This week brings us the release of five relevant economic reports for the markets to digest with two of those reports being much more important than the rest. In addition to the factual reports, we also have another FOMC meeting to work around this week. This leads me to believe that we will see another active week for mortgage rates.
The first data comes early tomorrow morning when September’s Personal Income and Outlays report will be posted. This data gives us an indication of consumer ability to spend and current spending habits. It is important to the markets because consumer spending makes up two-thirds of the U.S. economy. Rising income generally indicates that consumers have more money to spend, making economic growth more of a possibility. This is bad news for the bond market and mortgage rates because it raises inflation concerns, making long-term securities such as mortgage related bonds less attractive to investors. Analysts are expecting to see a 0.3% increase in income and a 0.4% rise in spending.
Tomorrow’s second release will come from the Institute for Supply Management (ISM), who will post their manufacturing index at 10:00 AM ET. The index measures manufacturer sentiment, which is important because it gives us an indication of manufacturing sector strength. It is considered to be one of the more important reports we see each month. Tomorrow’s release is expected to show a reading of 53.6, meaning that sentiment fell slightly from September’s level. A smaller than expected reading would be good news for bonds and likely lead to lower mortgage rates tomorrow.
Wednesday’s only relevant economic data is September’s Factory Orders report. This report is similar to last week’s Durable Goods Orders release except it includes orders for both durable and non-durable goods. It is expected to show a 0.6% increase in new orders from August’s level. A smaller than forecasted increase would be good news for the bond market and mortgage rates while a larger than expected rise is bad news and could push rates slightly higher Wednesday morning.
This week’s FOMC meeting is a two-day meeting that begins Tuesday and adjourns Wednesday afternoon. There is no possibility of the Fed changing key short-term interest rates this week. But market participants will be looking at the post-meeting statement for any indication of when the Fed may make a move, particularly to help boost economic activity. The meeting will adjourn at 2:15 PM ET Wednesday, so look for any reaction to the statement to come during afternoon hours. Generally speaking, any hint that they may need to make a rate increase relatively soon would be negative news for bonds and lead to higher mortgage rates. The markets will actually be looking for news of another round of debt purchases by the Fed. If they do announce a sizable purchase program of government or mortgage debt Wednesday, we could see the bond market rally and mortgage rates move noticeably lower.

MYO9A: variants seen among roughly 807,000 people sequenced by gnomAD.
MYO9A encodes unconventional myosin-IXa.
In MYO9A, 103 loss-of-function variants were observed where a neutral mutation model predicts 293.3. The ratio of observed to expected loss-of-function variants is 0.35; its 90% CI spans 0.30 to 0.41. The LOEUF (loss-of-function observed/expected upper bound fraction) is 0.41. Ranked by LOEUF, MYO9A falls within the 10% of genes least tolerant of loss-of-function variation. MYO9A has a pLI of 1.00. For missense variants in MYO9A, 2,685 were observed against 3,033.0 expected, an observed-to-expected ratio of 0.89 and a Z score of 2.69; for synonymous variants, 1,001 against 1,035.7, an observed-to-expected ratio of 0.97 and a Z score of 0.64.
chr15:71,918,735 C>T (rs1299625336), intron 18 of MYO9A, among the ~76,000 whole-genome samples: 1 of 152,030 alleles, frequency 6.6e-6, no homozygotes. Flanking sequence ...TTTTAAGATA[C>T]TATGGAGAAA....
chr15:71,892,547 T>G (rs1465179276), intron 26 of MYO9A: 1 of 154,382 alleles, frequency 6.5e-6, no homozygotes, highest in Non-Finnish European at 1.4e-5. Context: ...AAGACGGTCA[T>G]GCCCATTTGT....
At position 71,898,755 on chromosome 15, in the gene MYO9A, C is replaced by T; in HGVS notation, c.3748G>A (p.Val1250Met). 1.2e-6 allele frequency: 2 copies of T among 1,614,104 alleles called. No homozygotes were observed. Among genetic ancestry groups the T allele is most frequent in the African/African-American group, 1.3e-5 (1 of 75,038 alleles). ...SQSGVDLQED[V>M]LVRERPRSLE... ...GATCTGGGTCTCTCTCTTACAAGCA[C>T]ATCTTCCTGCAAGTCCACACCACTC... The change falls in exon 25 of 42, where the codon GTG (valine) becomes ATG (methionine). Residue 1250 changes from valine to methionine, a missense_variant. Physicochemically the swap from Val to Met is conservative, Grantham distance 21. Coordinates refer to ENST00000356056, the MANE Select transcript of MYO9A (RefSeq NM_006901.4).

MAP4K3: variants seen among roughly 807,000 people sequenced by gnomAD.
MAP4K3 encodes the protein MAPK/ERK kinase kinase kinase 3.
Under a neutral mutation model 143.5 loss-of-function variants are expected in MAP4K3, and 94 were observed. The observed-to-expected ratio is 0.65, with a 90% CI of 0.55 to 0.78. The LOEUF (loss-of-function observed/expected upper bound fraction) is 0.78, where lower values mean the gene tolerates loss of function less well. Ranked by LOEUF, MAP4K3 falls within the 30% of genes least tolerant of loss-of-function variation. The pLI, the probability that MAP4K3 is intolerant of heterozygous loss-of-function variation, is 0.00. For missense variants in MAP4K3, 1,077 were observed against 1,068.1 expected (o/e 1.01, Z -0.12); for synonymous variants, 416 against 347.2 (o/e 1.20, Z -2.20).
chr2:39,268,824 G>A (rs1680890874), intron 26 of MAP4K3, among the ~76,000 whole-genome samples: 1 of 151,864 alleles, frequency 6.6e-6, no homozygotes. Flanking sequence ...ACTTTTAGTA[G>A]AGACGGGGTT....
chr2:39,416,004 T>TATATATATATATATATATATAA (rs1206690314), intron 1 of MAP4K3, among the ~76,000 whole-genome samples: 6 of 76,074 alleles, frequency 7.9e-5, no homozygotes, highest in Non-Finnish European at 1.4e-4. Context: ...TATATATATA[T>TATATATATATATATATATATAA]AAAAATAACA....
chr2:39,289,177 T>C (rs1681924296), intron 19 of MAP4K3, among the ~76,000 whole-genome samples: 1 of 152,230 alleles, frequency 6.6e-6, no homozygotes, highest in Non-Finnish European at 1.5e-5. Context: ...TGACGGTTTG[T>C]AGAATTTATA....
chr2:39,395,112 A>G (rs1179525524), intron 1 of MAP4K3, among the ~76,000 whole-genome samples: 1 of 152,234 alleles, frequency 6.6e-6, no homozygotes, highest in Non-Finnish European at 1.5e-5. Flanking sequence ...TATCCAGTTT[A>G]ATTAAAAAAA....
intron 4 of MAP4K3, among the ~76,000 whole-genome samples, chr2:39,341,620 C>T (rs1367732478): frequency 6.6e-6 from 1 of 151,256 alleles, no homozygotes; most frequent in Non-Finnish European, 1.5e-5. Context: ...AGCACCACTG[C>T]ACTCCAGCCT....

The last report of the week is the most important. Friday brings us the release of one of the most important monthly reports- the Employment report. The Labor Department will post October’s employment stats early Friday morning. The report is comprised of many statistics and readings, but the most important ones are the unemployment rate, the number of new jobs added or lost during the month and average hourly earnings. Current forecasts call for no change in the unemployment rate to keep the national unemployment rate at 9.6%, an increase in payrolls of approximately 45,000 and a 0.1% increase in average earnings. Weaker than expected readings should renew concerns about the labor market and rally bonds enough to improve mortgage rates, especially if the stock markets react poorly to the news.
Overall, the single most important day is Friday but tomorrow’s data is also considered to be highly important. In addition to the economic reports and the FOMC meeting, I believe stocks will continue to experience volatility that will also impact bond trading. The key to the week will be Friday’s employment numbers or the FOMC statement, but any significant swings in the stock markets may also influence whether mortgage rates close the week higher or lower than tomorrow morning’s levels.
If I were considering financing/refinancing a home, I would…. Lock if my closing was taking place within 7 days… Float if my closing was taking place between 8 and 20 days… Float if my closing was taking place between 21 and 60 days… Float if my closing was taking place over 60 days from now…